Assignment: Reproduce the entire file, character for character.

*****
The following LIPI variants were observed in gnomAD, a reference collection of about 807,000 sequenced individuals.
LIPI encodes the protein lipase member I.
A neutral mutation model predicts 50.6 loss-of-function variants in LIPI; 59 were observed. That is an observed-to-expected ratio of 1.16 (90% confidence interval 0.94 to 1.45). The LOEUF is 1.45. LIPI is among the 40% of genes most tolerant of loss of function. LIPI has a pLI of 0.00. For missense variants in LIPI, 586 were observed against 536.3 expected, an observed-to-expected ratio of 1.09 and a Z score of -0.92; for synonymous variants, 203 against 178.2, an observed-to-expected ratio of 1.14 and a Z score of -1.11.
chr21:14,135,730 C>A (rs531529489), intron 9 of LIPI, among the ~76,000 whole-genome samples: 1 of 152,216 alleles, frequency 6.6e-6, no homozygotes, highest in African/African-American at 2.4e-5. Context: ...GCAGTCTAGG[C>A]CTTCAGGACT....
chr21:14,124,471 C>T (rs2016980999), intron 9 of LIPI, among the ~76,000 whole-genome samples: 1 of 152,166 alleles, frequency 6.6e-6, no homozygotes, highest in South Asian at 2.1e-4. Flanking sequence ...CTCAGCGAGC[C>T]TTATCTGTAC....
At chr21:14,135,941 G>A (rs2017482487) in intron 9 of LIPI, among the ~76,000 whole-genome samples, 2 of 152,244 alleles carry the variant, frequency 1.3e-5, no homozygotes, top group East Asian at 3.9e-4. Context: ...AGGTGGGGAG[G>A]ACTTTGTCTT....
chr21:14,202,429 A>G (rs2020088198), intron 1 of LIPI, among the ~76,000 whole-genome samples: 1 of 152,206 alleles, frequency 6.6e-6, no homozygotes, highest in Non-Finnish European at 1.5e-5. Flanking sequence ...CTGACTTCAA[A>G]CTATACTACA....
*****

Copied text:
The following LIPI variants were observed in gnomAD, a reference collection of about 807,000 sequenced individuals.
LIPI encodes the protein lipase member I.
A neutral mutation model predicts 50.6 loss-of-function variants in LIPI; 59 were observed. That is an observed-to-expected ratio of 1.16 (90% confidence interval 0.94 to 1.45). The LOEUF is 1.45. LIPI is among the 40% of genes most tolerant of loss of function. LIPI has a pLI of 0.00. For missense variants in LIPI, 586 were observed against 536.3 expected, an observed-to-expected ratio of 1.09 and a Z score of -0.92; for synonymous variants, 203 against 178.2, an observed-to-expected ratio of 1.14 and a Z score of -1.11.
chr21:14,135,730 C>A (rs531529489), intron 9 of LIPI, among the ~76,000 whole-genome samples: 1 of 152,216 alleles, frequency 6.6e-6, no homozygotes, highest in African/African-American at 2.4e-5. Context: ...GCAGTCTAGG[C>A]CTTCAGGACT....
chr21:14,124,471 C>T (rs2016980999), intron 9 of LIPI, among the ~76,000 whole-genome samples: 1 of 152,166 alleles, frequency 6.6e-6, no homozygotes, highest in South Asian at 2.1e-4. Flanking sequence ...CTCAGCGAGC[C>T]TTATCTGTAC....
At chr21:14,135,941 G>A (rs2017482487) in intron 9 of LIPI, among the ~76,000 whole-genome samples, 2 of 152,244 alleles carry the variant, frequency 1.3e-5, no homozygotes, top group East Asian at 3.9e-4. Context: ...AGGTGGGGAG[G>A]ACTTTGTCTT....
chr21:14,202,429 A>G (rs2020088198), intron 1 of LIPI, among the ~76,000 whole-genome samples: 1 of 152,206 alleles, frequency 6.6e-6, no homozygotes, highest in Non-Finnish European at 1.5e-5. Flanking sequence ...CTGACTTCAA[A>G]CTATACTACA....